The electrode positions were averaged over 1 or 2 seconds to reduce cyclic cardiac variations. Respiratory variations are too slow to be eliminated by averaging without compromising the real-time nature of the localization method, and their effect on localization accuracy is part of this study.
The battery-powered LocaLisa system was designed and built at our institute. By use of the above-mentioned orthogonal lead configuration, 3 independent alternating currents of 1 mA were delivered through the patient’s chest, with 30.27 kHz, 30.70 kHz, and 31.15 kHz used for the X, Y, and Z directions, respectively (Figure 2⇑). The system had 2 input amplifiers for measuring the resulting signal on 2 mapping catheter electrodes relative to a stable skin or catheter reference electrode. The amplitudes of each of the 3 frequency components were optically transmitted to a Macintosh computer. A custom-designed software application provided moving-average filtering, calibration, and real-time display of the position of the distal portion of the mapping catheter using 2 of its electrodes (Figure 3⇓).
Study Protocol 1
All catheterization procedures were performed with the patients in the fasting, nonsedated state. The first study protocol was approved by our institution’s ethics committee, and informed consent was obtained from each patient. In 30 patients, a deflectable decapolar electrode catheter (Marinr, Medtronic CardioRhythm) was placed in a stable position within either the RA, right ventricle (RV), or left ventricle (LV) in 10 different patients for each group during the 30-minute observation period after a standard catheter ablation procedure. Sequentially, each of the 10 electrodes was connected to the LocaLisa system. Measurements were repeated at 2 other stable catheter positions within the same chamber. The 3 catheter positions were chosen such that the electrode positions covered a major portion of the cardiac chamber.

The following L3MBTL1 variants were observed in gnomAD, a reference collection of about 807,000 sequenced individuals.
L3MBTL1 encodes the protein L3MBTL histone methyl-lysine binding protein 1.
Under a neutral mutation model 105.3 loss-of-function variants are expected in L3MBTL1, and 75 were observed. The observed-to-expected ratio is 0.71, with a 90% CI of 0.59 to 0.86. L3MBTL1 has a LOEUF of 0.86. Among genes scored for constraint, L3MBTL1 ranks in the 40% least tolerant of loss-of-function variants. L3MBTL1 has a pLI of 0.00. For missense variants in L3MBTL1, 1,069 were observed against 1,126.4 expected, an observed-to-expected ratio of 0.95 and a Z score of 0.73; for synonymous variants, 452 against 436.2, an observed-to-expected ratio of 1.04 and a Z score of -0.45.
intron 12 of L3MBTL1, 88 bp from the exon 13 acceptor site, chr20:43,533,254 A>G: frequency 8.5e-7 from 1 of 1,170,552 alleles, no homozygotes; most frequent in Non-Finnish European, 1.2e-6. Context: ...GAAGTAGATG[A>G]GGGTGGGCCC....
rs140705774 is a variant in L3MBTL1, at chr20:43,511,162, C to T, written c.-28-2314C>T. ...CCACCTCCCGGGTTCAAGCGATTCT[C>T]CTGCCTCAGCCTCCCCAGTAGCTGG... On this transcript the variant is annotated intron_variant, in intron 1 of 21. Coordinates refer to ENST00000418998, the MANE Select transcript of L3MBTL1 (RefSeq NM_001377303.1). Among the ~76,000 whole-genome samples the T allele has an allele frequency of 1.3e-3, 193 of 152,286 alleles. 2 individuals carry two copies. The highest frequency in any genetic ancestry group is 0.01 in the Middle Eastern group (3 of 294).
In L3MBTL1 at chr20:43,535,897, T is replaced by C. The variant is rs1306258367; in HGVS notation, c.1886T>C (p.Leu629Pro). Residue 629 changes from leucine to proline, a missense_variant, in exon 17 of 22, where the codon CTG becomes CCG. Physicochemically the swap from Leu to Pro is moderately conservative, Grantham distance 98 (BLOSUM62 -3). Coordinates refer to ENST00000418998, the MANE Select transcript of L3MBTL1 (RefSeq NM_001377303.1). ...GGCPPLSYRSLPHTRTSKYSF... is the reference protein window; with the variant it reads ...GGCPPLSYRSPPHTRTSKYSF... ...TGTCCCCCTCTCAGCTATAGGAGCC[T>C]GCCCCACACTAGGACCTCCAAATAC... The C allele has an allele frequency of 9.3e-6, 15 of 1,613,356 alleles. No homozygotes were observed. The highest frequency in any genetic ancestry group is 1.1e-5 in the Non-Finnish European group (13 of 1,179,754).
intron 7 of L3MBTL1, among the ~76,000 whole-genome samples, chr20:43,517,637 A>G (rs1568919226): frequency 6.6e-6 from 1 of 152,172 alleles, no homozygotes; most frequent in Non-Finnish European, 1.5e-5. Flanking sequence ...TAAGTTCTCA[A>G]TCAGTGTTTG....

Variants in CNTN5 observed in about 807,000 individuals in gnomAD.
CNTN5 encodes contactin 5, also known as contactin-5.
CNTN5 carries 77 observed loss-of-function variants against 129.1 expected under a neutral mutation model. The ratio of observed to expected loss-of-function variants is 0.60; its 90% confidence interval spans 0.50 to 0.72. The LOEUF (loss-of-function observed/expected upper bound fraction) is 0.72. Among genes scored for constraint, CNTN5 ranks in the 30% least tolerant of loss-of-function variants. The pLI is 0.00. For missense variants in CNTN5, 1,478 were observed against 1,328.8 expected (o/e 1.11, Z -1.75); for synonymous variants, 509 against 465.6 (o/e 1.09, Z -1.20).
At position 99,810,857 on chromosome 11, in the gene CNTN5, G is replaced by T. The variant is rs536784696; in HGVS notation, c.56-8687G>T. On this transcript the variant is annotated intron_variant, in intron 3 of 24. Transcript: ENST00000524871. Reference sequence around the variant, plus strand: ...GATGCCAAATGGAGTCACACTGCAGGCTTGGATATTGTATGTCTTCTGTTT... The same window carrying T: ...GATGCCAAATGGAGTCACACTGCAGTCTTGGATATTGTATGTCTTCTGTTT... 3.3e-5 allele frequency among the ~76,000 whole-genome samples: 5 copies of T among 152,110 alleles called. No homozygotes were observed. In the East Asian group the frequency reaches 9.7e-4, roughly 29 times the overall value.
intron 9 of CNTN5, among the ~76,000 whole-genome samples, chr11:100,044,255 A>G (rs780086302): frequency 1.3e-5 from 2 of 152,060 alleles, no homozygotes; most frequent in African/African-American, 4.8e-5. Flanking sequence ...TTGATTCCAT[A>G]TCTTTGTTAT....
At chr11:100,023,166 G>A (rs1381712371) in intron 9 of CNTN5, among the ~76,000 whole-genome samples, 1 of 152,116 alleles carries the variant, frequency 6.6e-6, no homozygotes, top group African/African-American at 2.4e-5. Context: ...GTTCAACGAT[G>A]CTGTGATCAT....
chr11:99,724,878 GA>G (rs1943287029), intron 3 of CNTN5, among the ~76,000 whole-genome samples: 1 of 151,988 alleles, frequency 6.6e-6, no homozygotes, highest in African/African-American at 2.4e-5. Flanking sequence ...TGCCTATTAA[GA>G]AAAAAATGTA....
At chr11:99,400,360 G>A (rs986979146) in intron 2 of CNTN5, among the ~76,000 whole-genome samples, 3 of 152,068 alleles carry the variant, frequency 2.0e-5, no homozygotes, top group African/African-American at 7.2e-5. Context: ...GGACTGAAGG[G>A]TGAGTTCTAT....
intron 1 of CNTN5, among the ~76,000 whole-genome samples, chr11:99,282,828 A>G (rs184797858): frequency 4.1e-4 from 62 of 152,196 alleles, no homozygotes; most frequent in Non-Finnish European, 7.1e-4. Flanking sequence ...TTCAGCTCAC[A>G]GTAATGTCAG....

Total interelectrode spacing was 53.5 mm for the RA and RV catheters and 54 mm for the longer LV catheters, and all electrode positions and interelectrode distances were defined by use of the geometric center of each electrode.
Study Protocol 2
The magnitude of cyclic variations in the position of a fluoroscopically and electrographically stable catheter-tip electrode was measured in 30 patients in whom the LocaLisa system had been used clinically during catheter mapping and ablation. Measurements were performed within the RA, RV, and LV in 10 different patients per group. With a stable catheter position, both this tip electrode and the tip electrode of a coronary sinus (CS) catheter were connected to the LocaLisa system with a right leg electrode used as a reference. Measurements were taken once per second for 20 to 30 seconds.
Study Protocol 3
Long-term stability of the LocaLisa system was determined in 14 patients with AV nodal reentrant tachycardia by use of a reference electrode in the CS or one of its side branches. The most proximal His bundle recording site, characterized by a bipolar His bundle deflection <50 μV and a negative deflection on the distal unipolar electrogram only, was determined before and after posterior AV nodal modification.
In the first study, the 27 sets of interelectrode distances and corresponding voltage amplitude differences that were obtained with the 3 catheter positions were used for automatic calibration. The 3 calculated field strengths (in mV/cm) thus reflect the average values within the area covered by all 3 catheter positions.
In studies 2 and 3, calibration was performed automatically with the data obtained from the tip and the fourth (ring) electrodes of the mapping catheter at multiple catheter positions and orientations obtained during catheterization in the same chamber.
With the decapolar catheters, positions along the catheter shaft were calculated by summation of interelectrode distances. The accuracy and linearity of the LocaLisa system were analyzed by comparison of measured and true positions of the 10 electrodes for each catheter position. With linear regression analysis, the slope of the regression line between measured and true electrode positions, the correlation coefficient, and the residual SD around the regression line were calculated.
In study 2, the SDs of the recorded voltages (in 3 directions), measured at 1-second intervals, were divided by the corresponding field strength values to obtain the SD of the variations in electrode position.
In study 3, reproducibility of the localization method was determined by measurement of the difference between the 2 proximal His bundle positions, measured at the beginning and end of the ablation procedure.
All values are expressed as mean±SD.
The 3 transthoracic currents did not create any patient discomfort and did not interfere with even the most sensitive unipolar and bipolar electrograms (unipolar: 1 mV/cm, 0.1 to 500 Hz; bipolar: 0.25 mV/cm, 50 to 500 Hz). The LocaLisa amplifiers were connected to intracardiac electrodes in parallel with the standard electrogram amplifiers (Figure 2⇑); these electrograms also remained unaffected.
In study 1, only 2 stable catheter positions could be obtained in 2 patients of each ventricular group. Thus, in 30 patients, data of 30 RA, 28 RV, and 28 LV catheter positions were analyzed.